ZIMBABWE’s current account deficit is projected to narrow to 20,5% of gross domestic product (GDP) in 2012, as last year’s import spike is reversed and exports continue to expand, the International Monetary Fund (IMF) has said.Report by Kudzai Chimhangwa
A current account is the difference between a nation’s total imports and exports of goods, services and transfers.
The multilateral institution’s executive directors said despite higher exports, the current account deficit widened to 36% of GDP in 2011 from 29% of GDP in 2010, partly due to a sharp increase in imports.
“The deficit was financed by debt-related flows, arrears, and a drawdown of special drawing rights (SDR) holdings, as uncertainties regarding policy implementation continued to affect foreign investment flows,” reads part of an Article IV consultation report by the IMF.
Under a current account deficit situation, the country’s local industry loses aggregate demand to foreign countries. Such demand could stimulate employment opportunities and higher growth in the concerned country.
Following the inception of the multiple currency regime and trade liberalisation in 2009, the current account deficit stood at 22,2% of GDP before spiralling to 36,2% of GDP as imports continued to flood the domestic market.
However, under the Medium-Term Plan, the government plans to grow the export base and curtail imports in order to avert the negative effects of a broadening current account deficit.
In his state-of-the-economy report for August, Finance minister Tendai Biti, said exports and imports maintained an upward trend, cumulatively reaching US$2,16 billion and US$5,1 billion respectively by the end of August 2012.
This scenario led to a half-year trade gap of US$3 billion, reflecting faster imports growth during the period under review.
Economist Witness Chinyama said in order to address the perpetual current account deficit, there would be need for the country to implement measures aimed at recapitalising and modernising local industries in line with technological developments.
“This will go a long way towards capacitating local industry to produce more at lower unit costs, thereby becoming more competitive. At the moment, industry is using an antiquated plant and equipment,” said Chinyama, adding that some industrial structures had been built well before Independence.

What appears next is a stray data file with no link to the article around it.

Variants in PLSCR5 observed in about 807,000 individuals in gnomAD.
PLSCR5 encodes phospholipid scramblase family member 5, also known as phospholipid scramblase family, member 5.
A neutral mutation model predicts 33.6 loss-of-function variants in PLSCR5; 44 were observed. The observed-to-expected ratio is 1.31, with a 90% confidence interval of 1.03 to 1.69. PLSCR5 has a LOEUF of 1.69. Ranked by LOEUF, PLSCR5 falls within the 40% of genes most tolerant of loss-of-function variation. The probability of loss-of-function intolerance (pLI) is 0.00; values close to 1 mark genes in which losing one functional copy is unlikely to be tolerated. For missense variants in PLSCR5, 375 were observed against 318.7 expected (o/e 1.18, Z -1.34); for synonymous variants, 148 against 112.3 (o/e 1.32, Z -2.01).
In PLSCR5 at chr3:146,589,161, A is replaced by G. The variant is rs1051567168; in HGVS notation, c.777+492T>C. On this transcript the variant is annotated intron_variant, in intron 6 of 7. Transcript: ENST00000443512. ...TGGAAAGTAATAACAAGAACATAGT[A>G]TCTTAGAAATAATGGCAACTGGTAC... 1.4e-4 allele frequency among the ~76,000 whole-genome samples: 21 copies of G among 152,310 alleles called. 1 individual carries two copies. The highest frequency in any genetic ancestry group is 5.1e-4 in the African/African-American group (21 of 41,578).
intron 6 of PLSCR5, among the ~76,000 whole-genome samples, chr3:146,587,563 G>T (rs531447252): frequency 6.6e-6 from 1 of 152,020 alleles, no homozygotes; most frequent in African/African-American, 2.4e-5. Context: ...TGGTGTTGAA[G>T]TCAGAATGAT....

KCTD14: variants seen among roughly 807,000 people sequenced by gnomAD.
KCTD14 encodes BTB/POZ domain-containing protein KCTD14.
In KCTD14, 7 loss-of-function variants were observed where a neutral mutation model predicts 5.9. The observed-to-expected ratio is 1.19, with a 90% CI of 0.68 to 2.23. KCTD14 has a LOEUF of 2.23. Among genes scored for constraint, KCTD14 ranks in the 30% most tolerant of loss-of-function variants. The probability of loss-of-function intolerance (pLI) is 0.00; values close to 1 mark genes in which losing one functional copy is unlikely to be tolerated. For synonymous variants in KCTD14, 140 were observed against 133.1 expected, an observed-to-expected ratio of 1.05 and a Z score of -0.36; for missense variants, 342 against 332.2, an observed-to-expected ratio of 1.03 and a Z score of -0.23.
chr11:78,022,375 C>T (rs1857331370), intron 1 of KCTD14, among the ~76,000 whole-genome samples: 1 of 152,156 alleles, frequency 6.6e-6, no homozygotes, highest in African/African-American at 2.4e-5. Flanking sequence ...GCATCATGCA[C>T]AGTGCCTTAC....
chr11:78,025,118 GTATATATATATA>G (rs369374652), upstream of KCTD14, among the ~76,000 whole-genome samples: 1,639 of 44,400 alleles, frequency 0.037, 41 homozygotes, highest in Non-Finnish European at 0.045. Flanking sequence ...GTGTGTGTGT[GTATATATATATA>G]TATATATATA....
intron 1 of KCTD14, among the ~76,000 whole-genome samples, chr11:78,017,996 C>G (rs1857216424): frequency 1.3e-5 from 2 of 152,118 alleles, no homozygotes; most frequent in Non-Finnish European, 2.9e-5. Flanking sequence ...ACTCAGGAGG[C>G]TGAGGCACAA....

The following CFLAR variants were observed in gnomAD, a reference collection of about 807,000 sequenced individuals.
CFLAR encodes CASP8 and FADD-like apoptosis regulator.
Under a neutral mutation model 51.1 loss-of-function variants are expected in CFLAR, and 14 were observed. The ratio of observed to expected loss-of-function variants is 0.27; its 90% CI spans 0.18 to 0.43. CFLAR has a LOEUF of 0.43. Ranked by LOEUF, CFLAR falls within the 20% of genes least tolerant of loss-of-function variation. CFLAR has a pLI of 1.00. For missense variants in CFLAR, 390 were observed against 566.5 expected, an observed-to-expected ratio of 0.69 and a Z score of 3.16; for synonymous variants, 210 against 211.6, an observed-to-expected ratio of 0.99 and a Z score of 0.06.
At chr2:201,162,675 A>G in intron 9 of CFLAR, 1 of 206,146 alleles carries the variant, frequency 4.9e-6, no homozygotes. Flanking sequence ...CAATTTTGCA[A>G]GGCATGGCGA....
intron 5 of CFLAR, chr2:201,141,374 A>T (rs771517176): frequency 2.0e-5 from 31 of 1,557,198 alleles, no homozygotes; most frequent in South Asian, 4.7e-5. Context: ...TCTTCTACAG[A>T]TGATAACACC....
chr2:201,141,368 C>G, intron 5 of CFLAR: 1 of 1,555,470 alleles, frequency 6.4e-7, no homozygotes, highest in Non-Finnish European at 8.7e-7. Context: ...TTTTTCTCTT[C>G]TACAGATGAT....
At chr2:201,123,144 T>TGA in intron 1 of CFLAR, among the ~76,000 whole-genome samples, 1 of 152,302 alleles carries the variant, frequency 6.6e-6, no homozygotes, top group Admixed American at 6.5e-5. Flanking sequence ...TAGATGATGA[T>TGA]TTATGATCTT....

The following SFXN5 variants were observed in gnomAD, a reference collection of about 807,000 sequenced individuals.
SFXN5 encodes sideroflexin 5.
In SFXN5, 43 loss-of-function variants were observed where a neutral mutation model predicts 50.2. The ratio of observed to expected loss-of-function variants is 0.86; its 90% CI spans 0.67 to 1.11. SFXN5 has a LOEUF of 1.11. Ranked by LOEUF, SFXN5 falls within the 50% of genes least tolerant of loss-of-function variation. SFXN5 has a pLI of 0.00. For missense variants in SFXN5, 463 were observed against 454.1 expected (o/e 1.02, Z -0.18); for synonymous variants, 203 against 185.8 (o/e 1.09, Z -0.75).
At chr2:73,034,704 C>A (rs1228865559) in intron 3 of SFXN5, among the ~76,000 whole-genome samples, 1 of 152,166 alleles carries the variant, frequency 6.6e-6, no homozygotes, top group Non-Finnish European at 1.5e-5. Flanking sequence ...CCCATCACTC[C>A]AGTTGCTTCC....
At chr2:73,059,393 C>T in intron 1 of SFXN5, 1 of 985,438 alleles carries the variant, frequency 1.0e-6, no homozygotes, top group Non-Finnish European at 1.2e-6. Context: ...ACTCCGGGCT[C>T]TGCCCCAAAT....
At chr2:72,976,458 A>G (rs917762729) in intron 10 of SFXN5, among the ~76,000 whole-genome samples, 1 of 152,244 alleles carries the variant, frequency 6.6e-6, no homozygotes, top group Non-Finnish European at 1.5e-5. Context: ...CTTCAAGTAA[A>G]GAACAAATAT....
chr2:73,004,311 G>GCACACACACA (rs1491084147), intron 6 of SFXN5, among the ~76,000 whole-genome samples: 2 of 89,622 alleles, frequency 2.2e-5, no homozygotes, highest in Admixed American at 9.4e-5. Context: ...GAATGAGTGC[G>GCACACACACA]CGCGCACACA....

IMF directors underscored that improving the business climate would be necessary to strengthen competitiveness, build investor confidence and boost the growth potential.
“The medium-term outlook, under an unchanged policy scenario, is for growth to moderate to average some 4%, although constraints on energy supply and weak competitiveness may pose a challenge to achieving these rates,” IMF said.
“Foreign investment is likely to be hampered by a poor business climate, uncertainties over the implementation of the indigenisation policy and political instability, while domestic investors may face difficulties accessing long-term credit,” reads the IMF report.
Economist Prosper Chitambara said the government would have to implement structural reforms that particularly address competitiveness, the business environment, infrastructure rehabilitation and the cost of doing business, as this is too high in comparison to other countries in the Southern African region.
“The political environment is placing a premium on the country in terms of potential investment inflows. There is also a critical need to ensure that business has cheap access to energy as part of export regeneration measures,” he said.
Chitambara concurred with IMF that refraining from non-concessional borrowing was critical, but presently a difficult task as the liquidity crunch was not getting any better while Treasury had limited options.
Economic commentator Eric Bloch said with forthcoming elections parties in the government would be desperate to raise money in order to pay civil servants with the hope of garnering votes, irrespective of the consequent negative after effects.